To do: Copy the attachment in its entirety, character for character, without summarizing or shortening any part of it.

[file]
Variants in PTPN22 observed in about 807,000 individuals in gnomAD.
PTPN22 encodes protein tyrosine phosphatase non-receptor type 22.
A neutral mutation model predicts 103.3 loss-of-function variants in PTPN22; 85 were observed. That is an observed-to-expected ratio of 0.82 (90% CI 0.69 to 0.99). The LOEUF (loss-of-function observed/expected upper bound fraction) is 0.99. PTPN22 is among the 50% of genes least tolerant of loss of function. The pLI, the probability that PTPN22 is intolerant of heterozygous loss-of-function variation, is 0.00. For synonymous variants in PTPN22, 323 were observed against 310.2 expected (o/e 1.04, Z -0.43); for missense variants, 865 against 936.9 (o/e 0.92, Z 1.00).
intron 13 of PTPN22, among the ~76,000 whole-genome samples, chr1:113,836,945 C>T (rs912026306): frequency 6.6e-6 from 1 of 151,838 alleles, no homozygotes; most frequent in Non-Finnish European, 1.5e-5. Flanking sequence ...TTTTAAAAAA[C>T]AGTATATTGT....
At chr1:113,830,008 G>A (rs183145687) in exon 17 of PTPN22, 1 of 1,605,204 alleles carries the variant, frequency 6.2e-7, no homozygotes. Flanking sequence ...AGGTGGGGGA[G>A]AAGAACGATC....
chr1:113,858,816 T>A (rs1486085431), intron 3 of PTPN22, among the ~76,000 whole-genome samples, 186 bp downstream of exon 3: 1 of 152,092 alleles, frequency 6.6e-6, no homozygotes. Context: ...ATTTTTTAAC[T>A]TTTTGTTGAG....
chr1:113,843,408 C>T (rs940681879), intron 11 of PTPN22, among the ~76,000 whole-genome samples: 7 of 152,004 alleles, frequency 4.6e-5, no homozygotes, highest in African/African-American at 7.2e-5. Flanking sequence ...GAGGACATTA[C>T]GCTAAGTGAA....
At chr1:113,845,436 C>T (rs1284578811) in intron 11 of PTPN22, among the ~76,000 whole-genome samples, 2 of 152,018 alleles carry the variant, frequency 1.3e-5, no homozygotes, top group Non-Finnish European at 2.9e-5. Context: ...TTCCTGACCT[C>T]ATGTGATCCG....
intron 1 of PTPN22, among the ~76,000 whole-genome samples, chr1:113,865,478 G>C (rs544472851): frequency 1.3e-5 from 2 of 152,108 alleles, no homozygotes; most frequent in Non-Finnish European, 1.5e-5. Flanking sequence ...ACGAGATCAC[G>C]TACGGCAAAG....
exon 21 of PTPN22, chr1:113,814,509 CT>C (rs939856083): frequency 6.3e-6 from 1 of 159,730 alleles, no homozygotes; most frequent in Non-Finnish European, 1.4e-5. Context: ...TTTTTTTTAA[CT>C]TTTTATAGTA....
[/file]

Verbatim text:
Variants in PTPN22 observed in about 807,000 individuals in gnomAD.
PTPN22 encodes protein tyrosine phosphatase non-receptor type 22.
A neutral mutation model predicts 103.3 loss-of-function variants in PTPN22; 85 were observed. That is an observed-to-expected ratio of 0.82 (90% CI 0.69 to 0.99). The LOEUF (loss-of-function observed/expected upper bound fraction) is 0.99. PTPN22 is among the 50% of genes least tolerant of loss of function. The pLI, the probability that PTPN22 is intolerant of heterozygous loss-of-function variation, is 0.00. For synonymous variants in PTPN22, 323 were observed against 310.2 expected (o/e 1.04, Z -0.43); for missense variants, 865 against 936.9 (o/e 0.92, Z 1.00).
intron 13 of PTPN22, among the ~76,000 whole-genome samples, chr1:113,836,945 C>T (rs912026306): frequency 6.6e-6 from 1 of 151,838 alleles, no homozygotes; most frequent in Non-Finnish European, 1.5e-5. Flanking sequence ...TTTTAAAAAA[C>T]AGTATATTGT....
At chr1:113,830,008 G>A (rs183145687) in exon 17 of PTPN22, 1 of 1,605,204 alleles carries the variant, frequency 6.2e-7, no homozygotes. Flanking sequence ...AGGTGGGGGA[G>A]AAGAACGATC....
chr1:113,858,816 T>A (rs1486085431), intron 3 of PTPN22, among the ~76,000 whole-genome samples, 186 bp downstream of exon 3: 1 of 152,092 alleles, frequency 6.6e-6, no homozygotes. Context: ...ATTTTTTAAC[T>A]TTTTGTTGAG....
chr1:113,843,408 C>T (rs940681879), intron 11 of PTPN22, among the ~76,000 whole-genome samples: 7 of 152,004 alleles, frequency 4.6e-5, no homozygotes, highest in African/African-American at 7.2e-5. Flanking sequence ...GAGGACATTA[C>T]GCTAAGTGAA....
At chr1:113,845,436 C>T (rs1284578811) in intron 11 of PTPN22, among the ~76,000 whole-genome samples, 2 of 152,018 alleles carry the variant, frequency 1.3e-5, no homozygotes, top group Non-Finnish European at 2.9e-5. Context: ...TTCCTGACCT[C>T]ATGTGATCCG....
intron 1 of PTPN22, among the ~76,000 whole-genome samples, chr1:113,865,478 G>C (rs544472851): frequency 1.3e-5 from 2 of 152,108 alleles, no homozygotes; most frequent in Non-Finnish European, 1.5e-5. Flanking sequence ...ACGAGATCAC[G>C]TACGGCAAAG....
exon 21 of PTPN22, chr1:113,814,509 CT>C (rs939856083): frequency 6.3e-6 from 1 of 159,730 alleles, no homozygotes; most frequent in Non-Finnish European, 1.4e-5. Context: ...TTTTTTTTAA[CT>C]TTTTATAGTA....